Faculty & Staff Achievements: Spring-Summer 2018

Boudry
Dr. Valica Boudry, associate professor of integrated media, received a top paper award in the Communication Ethics, Activism and Social Justice Interest Group. She presented her research paper, “The Inside Out: The Need for Different Journalism Ethics in Ethnojournalism,” at the Central States Communication Association conference April 5 in Milwaukee.
 
Carlson
Dr. Stephen Carlson, professor of music, performed April 22 as a guest pianist with True Concord Voices & Orchestra musicians at the final concert of the 2017-18 classical music series at Dove of Peace Lutheran Church in Tucson, Ariz. The series is part of a fundraiser that supports Tucson-area nonprofit organizations.
 
Ellis
Dr. John Ellis, assistant professor of history, gave a presentation titled “Feminism and American Religion in the Revolution’s Wake, 1780-1840s” on March 26 as part of a Bemidji Public Library lecture series celebrating Women’s History Month. The lecture explored the relationship between American religious ideals and the roots of the feminist movement in the early 19th century.
 
Dr. Eric Forsyth, professor of human performance, sport & health, published three chapters in sport management-related textbooks. They are: “Interscholastic Athletics” with two co-authors in the sixth edition of “Contemporary Sport Management,” published in April; and “Mossy Oak” and “Bass Pro Shops” in the second edition of “Branded: Branding in Sport Business.”
 

Fournier
Dr. Angela Fournier, professor of psychology, and graduate student Emma Pasiuk published “Human-Animal Interaction and Metaphor in Equine-Assisted Psychotherapy: Empirical Support for the EAGALA Model,” which examined variables in equine-assisted psychotherapy and learning, in the Human-Animal Interaction Bulletin with two co-authors.
 
Dr. Debbie Guelda, professor of biology, Dr. Donna Pawlowski, professor of English, and Dr. Colleen Greer, dean of the College of Arts & Sciences, delivered two presentations at the Campus Compact annual conference, held March 25-28 in Indianapolis. They gave an oral presentation, “Creating Community and Civic Engagement Begins with Institutional Infrastructure: Working From the Inside Out,” and a poster presentation, “Uncovering Salient Issues Through the Eyes of Campus and Community Members.”
 

Klement
Dr. Kathryn Klement, assistant professor of psychology, presented three papers at the annual meeting of the Midwestern Psychological Association, April 12-14 in Chicago. They were: “Expectations of Resistance to Sexual Assault: Female vs. Male Victims,” “Playing the Game: How Sexual Narcissism Relates to Pick-up Techniques,” and “The Fault in Our Agency: Ambivalent Sexism and Abortion Stereotypes.”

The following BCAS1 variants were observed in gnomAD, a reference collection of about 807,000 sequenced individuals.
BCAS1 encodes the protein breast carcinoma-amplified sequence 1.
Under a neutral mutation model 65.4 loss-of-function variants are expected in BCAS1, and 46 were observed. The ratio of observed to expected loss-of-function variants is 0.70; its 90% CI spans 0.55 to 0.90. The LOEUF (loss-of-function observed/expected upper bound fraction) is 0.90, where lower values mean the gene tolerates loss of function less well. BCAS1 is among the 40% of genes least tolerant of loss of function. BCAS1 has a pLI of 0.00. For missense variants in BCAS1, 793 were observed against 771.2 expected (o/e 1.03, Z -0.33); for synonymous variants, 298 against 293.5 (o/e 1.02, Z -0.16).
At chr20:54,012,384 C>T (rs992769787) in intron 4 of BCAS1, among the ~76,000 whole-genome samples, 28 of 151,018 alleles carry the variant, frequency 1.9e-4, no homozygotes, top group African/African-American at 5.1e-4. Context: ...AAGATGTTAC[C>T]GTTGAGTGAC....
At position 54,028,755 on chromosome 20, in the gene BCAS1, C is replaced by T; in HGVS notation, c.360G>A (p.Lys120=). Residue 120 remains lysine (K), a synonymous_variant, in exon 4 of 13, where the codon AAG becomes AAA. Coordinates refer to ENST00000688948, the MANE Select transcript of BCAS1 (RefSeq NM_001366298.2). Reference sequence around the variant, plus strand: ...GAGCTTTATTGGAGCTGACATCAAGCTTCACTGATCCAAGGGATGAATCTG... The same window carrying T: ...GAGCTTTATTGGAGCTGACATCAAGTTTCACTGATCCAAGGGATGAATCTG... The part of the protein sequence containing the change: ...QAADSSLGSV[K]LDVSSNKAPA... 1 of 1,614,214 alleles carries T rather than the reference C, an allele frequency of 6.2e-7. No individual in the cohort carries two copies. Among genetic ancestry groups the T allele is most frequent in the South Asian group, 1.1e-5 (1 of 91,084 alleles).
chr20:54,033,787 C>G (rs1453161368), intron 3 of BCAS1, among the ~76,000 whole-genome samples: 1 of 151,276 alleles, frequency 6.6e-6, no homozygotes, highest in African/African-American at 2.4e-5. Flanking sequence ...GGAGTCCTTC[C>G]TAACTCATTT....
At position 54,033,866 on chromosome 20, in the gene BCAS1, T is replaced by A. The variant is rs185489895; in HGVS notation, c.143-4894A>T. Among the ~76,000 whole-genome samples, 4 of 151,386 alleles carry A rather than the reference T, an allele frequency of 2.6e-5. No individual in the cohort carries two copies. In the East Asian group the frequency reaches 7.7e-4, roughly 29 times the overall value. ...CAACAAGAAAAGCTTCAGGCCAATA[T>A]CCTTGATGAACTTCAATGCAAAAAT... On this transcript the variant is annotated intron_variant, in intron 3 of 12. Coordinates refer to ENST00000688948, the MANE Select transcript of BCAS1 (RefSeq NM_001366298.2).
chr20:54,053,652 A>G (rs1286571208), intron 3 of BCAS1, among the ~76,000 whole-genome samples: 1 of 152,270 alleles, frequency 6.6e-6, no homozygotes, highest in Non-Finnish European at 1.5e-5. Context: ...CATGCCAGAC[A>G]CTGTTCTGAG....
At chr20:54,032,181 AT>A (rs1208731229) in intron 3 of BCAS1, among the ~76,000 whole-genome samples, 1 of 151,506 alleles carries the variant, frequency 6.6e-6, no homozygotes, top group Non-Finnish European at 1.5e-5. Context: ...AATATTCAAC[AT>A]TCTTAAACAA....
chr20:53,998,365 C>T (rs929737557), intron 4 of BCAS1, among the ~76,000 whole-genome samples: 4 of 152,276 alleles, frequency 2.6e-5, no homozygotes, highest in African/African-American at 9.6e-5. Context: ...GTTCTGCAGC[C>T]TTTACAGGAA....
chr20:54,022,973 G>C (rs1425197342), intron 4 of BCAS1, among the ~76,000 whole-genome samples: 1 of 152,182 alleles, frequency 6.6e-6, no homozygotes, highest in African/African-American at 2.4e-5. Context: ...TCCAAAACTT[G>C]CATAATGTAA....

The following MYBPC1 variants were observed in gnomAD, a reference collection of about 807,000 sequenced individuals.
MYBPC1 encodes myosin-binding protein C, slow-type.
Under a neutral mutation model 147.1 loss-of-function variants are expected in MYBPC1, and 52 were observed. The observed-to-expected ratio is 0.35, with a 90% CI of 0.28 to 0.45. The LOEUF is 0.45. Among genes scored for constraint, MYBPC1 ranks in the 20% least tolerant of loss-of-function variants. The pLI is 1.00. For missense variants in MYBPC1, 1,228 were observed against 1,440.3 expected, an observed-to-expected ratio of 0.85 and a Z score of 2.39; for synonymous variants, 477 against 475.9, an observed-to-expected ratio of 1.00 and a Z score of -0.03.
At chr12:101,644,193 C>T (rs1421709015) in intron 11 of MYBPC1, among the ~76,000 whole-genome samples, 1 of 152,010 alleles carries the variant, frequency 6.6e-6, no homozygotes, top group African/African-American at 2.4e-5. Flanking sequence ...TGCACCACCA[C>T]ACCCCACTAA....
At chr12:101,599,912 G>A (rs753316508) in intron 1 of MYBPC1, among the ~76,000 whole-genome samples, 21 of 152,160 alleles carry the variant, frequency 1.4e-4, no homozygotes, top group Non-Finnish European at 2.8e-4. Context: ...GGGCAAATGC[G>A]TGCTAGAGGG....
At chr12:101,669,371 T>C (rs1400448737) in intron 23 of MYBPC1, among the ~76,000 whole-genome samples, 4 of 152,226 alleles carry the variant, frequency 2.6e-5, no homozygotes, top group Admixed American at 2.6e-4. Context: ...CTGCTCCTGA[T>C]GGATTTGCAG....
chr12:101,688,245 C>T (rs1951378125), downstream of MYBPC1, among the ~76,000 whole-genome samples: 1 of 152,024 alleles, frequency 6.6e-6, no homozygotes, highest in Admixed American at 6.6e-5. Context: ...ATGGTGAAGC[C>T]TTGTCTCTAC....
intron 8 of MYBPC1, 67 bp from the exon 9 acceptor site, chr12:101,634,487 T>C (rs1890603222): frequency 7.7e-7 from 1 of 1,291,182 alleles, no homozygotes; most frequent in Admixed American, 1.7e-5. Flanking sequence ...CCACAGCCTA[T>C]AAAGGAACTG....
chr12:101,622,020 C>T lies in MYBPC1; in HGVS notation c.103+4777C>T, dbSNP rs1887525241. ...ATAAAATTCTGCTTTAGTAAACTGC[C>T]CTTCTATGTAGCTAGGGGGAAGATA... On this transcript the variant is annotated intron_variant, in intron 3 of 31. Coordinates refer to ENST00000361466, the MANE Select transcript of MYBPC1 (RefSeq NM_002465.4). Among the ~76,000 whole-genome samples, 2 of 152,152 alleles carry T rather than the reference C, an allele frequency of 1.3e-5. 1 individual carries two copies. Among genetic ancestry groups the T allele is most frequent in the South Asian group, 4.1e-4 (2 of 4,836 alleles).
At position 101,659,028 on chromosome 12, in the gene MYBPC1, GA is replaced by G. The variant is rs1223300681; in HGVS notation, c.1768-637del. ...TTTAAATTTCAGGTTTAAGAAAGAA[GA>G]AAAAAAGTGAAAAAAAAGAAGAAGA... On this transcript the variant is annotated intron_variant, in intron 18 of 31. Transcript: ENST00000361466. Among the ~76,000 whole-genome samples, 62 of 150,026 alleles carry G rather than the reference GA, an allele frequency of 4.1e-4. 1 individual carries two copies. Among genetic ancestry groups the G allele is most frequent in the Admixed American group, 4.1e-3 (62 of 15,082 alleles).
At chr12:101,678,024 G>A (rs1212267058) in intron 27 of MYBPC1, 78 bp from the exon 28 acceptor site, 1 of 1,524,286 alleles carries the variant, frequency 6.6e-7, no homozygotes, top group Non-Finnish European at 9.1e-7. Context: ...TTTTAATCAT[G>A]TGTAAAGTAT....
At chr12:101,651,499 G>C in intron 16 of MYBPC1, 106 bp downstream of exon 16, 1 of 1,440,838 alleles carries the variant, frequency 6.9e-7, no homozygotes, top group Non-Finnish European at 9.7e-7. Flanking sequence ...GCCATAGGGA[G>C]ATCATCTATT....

Dr. Elizabeth Kujava, associate professor of criminal justice, presented the initial results of a pilot program being used to evaluate pretrial risk to the Cass County board in April. Cass is one of five Minnesota counties participating in the pilot instead of using a state program for evaluating which inmates to release while waiting for courts to process their cases. In the pilot, high-risk offenders are kept in jail, while most low- and moderate-risk offenders are released. All defendants on pretrial supervision have the option to seek services for mental health, chemical dependency, education, transportation, housing and other support.
 
La Venture
Dr. Kelly La Venture, assistant professor of business administration, received a $200 scholarship and Best Paper, Second Place, for the refereed study “Cultural Property Value as Antecedents of Tourist Consumption Value and Visit Intention,” which she presented April 21 to the Korea America Hospitality & Tourism Educators Association with two co-authors. In March, La Venture traveled to Finland to present her studies on destination promotion at the JAMK University of Applied Sciences in Jyväskylä and her book, “The Human Factor of Profitability,” in classes at Tampere University of Applied Sciences in Tampere.
 
Scheela
Dr. William “Bill” Scheela, professor emeritus of business, published “Business Angel Investing in Vietnam: An Exploratory Study,” with two co-authors in the Journal of Private Equity. Scheela also received a grant from the China Europe International Business School in Shanghai to study investment strategies of foreign venture-capital funds in China. His research will include field studies in Beijing, Shanghai, Shenzen and Hong Kong. He also presented in November at two conferences in Hanoi, Vietnam: “Business Angel Investing in Vietnam: An Exploratory Study” at the Business and Management: Framing Compliance and Dynamics international conference; and “Formal and Informal Venture Capital in Emerging Economies in Southeast Asia” at the Attracting Angel Investment for Start-up Development: International and Vietnam Experience conference.
 
Sea
Debra Sea, assistant professor of integrated media, received awards for Best Practices: Innovating Teaching & Pedagogy and the Dr. Paul Dunn Emerging Scholar Award at the 2018 Small Business Institute Annual Academic Conference, held Feb. 14-17 in Corpus Christi, Texas. She also was elected to the institute’s Board of Directors as vice president for membership.
 
Ryan Webber, adjunct instructor of music, and Dr. Miriam Webber, assistant professor of music, along with BSU student Noah Harstad, performed with the Brainerd-based Heartland Symphony April 6-8. The ensemble played music by Nikolai Rimsky-Korsakov and Gabriel Fauré along with a new piece by Minnesota composer Flannery Cunningham. Ryan Webber also delivered lectures on Gustav Mahler and Kurt Weill prior to the Minnesota Orchestra’s March 15-17 performances of Gustav Mahler’s Titan Symphony.